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Thread: hip score eyes tested and heart check for my gsp before maybe breeding

  1. #1

    hip score eyes tested and heart check for my gsp before maybe breeding

    hi all im looking for advice,i want to hip score get her eyes tested and heart check my gsp before maybe breeding.can all good vets do all of this or only specialist vets.what would the costs for this roughly be.what would a good hip score for a gsp bitch be.i think doing all this before breeding would be best obviously,but i know a lot of people breed and not do it properly and just think of the profit and churn out poor litters.any help would be great,many thanks

  2. #2
    For the hips the breed mean score is 10. You want to be lower than this to breed the dog.

    Unless I skimmed the list wrong there is no need for eye testing in pointers

    Although a genetic test does exist

    The cost will vary for a number of factors, but practically all vets would be able to take the hip x-rays. If there is no obvious murmur then chances are that would be ok. Ring your own vets and see what they can do for you

  3. #3
    apache thanks for your reply.fair enough its good to hip score the dam and sire but it does not make the pups certain to be fine,unless you have hip scores of both parents going back generations.that would be a lot better but impossible to do only a small percentage it would help a litter checking both parents first.

  4. #4
    Hips scores should be traceable on both sides of the pedigree for many generations,

    you might need to check for a disease you can get in GWP's its Von willebrands disease, doon't know if gsp's get it thogh
    Last edited by Dickyboy; 30-04-2011 at 11:50.

  5. #5
    Hip scoring - any vet can do as the xrays are submitted to a specialist panel of scrutineers
    Eye testing - needs to be a specialist veterinary ophthalmologist who has been invited to join and has passed the exam to be on the eye panel

  6. #6
    any vet can do the xray,but id try and get a recomendation of someboby who uses a vet for hip tests regualy,it can make all the difference to the old is your dog ? things like age and if shes been in season can all make a difference to the result.hpr website would be good for getting more hpr forun then look for "my fast forum" the best one imho

  7. #7
    Quote Originally Posted by srvet View Post
    Eye testing - needs to be a specialist veterinary ophthalmologist who has been invited to join and has passed the exam to be on the eye panel
    That is true of the ophthalmologists who look in the eyes. The problem is they issue a certificate that is valid for a year, and they can only find dogs showing clinical signs of a condition. The blood tests (DNA) are superior as they can identify all carrier animals.

    Without going into genetics in too much detail a dog can be a carrier of the condition but have a good copy of the gene so doesn't get the condition and passes the examination. If both the dog and the bitch were carriers 1 in 4 pups would be born with 2 bad copies of the gene and potentially go on and get the inherited condition. If that makes sense?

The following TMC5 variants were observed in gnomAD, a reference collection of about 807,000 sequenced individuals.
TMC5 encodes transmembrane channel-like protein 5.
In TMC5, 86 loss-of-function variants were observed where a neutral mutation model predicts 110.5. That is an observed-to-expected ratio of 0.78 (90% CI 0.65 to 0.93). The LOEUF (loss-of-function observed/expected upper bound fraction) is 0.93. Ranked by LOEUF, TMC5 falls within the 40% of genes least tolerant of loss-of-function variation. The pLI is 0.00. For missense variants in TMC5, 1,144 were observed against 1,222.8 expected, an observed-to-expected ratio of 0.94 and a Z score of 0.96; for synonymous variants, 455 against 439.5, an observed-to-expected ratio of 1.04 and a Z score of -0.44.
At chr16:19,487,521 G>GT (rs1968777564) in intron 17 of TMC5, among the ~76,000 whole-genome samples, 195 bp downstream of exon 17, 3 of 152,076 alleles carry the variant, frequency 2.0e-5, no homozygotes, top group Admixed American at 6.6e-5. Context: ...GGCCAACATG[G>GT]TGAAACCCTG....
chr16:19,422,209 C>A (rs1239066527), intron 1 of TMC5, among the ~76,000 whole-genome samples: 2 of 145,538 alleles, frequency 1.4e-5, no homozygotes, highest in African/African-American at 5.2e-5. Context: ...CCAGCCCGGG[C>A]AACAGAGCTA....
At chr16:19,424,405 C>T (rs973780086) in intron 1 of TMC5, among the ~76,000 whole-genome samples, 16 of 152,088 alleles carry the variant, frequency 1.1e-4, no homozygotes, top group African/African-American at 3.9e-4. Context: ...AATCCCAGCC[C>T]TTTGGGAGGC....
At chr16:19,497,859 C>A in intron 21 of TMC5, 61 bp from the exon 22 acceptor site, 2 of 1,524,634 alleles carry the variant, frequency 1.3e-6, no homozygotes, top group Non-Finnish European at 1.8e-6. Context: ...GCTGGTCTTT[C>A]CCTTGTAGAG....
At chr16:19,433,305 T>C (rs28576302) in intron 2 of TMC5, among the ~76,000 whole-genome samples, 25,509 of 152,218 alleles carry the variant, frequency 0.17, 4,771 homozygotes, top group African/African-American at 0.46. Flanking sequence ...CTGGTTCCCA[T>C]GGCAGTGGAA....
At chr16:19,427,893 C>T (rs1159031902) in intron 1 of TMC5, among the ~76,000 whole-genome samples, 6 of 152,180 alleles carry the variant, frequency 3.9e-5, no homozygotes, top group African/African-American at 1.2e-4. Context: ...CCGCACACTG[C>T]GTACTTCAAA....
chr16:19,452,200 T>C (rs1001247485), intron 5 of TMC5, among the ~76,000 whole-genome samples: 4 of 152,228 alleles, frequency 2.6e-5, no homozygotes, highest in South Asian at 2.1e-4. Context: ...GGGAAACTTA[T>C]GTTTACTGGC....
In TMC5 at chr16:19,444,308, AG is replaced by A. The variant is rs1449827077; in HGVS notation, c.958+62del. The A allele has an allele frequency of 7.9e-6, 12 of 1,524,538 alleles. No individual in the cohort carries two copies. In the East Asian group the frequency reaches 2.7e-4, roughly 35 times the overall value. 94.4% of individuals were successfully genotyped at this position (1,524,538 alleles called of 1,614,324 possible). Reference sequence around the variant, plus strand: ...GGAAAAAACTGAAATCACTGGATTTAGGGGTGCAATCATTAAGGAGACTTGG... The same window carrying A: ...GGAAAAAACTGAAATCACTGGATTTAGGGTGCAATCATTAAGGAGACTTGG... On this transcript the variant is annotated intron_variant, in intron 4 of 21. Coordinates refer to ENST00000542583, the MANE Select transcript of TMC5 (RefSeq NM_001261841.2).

8. #8
    looking into this with hip scoring and heart testing of course it helps if both parents are in great health.with producing pups it seems a lot is down to luck as brother bought a working springer last year it had a heart attack and died when out a walk it was only 10 months old and both parents had all the tests done,by the sound of things people get more checks done on their dogs than women do before and during pregnancy.

  9. #9
    Without a doubt the DNA test is superior as you are assessing genotype not phenotype. With regards to shopping around to find a vet for the hip score xrays, to be honest if you are going to look for someone who is going to try to make the hips look better than they are by careful positioning of the dog I would steer clear. All this will do is allow more affected dogs to be used for breeding purposes. Might be good for the breeders to earn a bit more cash in the short term but hardly a good idea in the long term. The problem with the hip scoring scheme is that it implies that any dog with below average hip scores is OK for breeding. This is clearly not the case as dogs are either genetic carriers (ie affected) or not. Really only those dogs with scores dramatically below the breed mean score should be considered as suitable for breeding purposes. The problem with this is that the gene pool would become far smaller and whilst the hips may improve, other problems such as elbow dysplasia or PRA may go on to develop.Currently the canine genome has been mapped and there are groups in the UK working out of Edinburgh that are trying to identify genetic markers associated with hip dysplasia. Hopefully this will lead to a genetic test in time which will undoubtedly supercede the fundamentaly flawed hip scoring scheme. Flawed though it may be it is currently the most accepted method wordwide. There is a better system of xrays to identify hip laxity which has been positively linked to the development of hip dysplasia called Penn Hip. Due to radiation safety regulations, this has not been available in the UK until recently. Currently there are relatively few people accredited to do Penn Hip in the UK unfortunately.


  10. #10
    Just one further comment regarding the eye testing... the genetic test for PRA is ONLY for PRA whereas the eye panellists will detect a far greater range of problems.


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